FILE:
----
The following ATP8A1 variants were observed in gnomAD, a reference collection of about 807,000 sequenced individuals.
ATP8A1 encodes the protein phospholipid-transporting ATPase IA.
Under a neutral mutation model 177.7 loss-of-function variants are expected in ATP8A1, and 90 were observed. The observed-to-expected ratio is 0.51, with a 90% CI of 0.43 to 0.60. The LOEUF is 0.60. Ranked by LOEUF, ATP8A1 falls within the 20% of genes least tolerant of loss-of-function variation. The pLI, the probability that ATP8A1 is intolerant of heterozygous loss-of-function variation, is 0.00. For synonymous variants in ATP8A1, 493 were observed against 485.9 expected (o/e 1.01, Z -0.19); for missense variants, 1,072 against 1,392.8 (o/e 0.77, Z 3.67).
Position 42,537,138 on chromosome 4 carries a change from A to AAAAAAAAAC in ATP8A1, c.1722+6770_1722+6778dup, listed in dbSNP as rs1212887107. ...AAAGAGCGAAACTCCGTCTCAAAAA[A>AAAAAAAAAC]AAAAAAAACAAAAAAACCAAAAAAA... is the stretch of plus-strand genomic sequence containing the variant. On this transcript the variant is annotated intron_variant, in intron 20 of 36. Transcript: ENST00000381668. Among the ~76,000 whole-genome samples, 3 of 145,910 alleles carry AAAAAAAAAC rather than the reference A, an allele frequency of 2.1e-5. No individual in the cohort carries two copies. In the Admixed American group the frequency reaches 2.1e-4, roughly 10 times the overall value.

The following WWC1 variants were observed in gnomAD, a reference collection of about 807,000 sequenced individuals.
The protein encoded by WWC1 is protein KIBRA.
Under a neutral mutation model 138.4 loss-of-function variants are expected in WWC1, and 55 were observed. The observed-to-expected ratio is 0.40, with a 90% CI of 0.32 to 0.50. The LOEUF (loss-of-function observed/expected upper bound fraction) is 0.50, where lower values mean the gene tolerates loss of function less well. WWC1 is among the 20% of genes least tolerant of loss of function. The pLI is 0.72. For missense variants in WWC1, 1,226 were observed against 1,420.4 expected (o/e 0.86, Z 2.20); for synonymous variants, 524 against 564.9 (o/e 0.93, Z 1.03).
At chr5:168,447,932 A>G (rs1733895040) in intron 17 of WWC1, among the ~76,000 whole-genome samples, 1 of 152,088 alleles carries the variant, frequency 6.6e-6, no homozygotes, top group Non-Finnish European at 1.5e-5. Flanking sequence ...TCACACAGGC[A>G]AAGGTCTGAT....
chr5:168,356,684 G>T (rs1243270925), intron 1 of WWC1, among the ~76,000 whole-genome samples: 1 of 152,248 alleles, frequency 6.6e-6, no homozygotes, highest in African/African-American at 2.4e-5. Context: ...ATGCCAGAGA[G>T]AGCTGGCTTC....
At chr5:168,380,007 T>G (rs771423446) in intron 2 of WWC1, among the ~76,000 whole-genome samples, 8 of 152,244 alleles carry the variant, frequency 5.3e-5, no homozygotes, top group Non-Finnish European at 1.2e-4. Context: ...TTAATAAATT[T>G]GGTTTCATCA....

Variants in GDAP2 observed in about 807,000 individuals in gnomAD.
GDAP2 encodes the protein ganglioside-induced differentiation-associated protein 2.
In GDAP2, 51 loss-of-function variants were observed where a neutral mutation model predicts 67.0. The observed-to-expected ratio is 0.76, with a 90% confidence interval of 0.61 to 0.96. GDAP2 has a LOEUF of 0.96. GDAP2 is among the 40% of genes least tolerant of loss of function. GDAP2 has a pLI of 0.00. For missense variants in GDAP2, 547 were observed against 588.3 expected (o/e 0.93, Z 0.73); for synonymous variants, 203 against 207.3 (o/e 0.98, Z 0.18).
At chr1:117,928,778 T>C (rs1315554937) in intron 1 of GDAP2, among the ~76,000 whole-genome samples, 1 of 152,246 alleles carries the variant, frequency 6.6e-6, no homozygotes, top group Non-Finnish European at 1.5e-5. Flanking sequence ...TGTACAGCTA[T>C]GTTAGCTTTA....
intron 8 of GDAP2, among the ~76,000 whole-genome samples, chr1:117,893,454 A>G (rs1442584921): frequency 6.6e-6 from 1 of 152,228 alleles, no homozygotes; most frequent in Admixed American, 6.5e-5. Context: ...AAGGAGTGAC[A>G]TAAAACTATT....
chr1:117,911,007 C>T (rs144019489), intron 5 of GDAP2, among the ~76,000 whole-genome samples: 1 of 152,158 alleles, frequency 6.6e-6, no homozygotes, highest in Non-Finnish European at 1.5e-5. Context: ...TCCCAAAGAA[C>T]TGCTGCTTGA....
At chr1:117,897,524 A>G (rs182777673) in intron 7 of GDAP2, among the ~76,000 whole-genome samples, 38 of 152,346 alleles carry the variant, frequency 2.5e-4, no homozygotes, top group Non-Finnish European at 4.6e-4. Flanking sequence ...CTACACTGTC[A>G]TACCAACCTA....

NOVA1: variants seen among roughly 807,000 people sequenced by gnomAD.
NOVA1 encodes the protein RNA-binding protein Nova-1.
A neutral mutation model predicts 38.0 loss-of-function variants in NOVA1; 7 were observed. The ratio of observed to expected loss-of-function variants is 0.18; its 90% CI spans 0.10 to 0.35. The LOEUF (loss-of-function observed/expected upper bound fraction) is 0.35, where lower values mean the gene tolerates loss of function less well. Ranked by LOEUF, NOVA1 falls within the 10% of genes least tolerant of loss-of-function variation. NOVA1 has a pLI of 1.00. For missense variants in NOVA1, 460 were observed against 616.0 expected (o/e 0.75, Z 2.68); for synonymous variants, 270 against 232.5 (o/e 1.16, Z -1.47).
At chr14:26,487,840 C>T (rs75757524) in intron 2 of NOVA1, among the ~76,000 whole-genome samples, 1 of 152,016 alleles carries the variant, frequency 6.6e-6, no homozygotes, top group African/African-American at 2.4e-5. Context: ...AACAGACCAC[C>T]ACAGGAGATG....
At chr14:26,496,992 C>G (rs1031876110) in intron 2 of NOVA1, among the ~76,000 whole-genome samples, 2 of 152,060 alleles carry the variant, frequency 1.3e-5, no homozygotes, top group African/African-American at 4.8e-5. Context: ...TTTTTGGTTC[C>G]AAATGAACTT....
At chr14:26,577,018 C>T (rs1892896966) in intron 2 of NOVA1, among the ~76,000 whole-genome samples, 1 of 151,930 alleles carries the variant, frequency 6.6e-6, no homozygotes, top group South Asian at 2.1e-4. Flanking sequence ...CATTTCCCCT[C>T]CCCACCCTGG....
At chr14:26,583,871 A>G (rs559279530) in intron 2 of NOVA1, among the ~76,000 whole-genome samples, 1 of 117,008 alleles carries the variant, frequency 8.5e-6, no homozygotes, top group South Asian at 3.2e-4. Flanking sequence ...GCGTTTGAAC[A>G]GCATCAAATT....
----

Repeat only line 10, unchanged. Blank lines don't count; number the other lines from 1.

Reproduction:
At chr5:168,380,007 T>G (rs771423446) in intron 2 of WWC1, among the ~76,000 whole-genome samples, 8 of 152,244 alleles carry the variant, frequency 5.3e-5, no homozygotes, top group Non-Finnish European at 1.2e-4. Context: ...TTAATAAATT[T>G]GGTTTCATCA....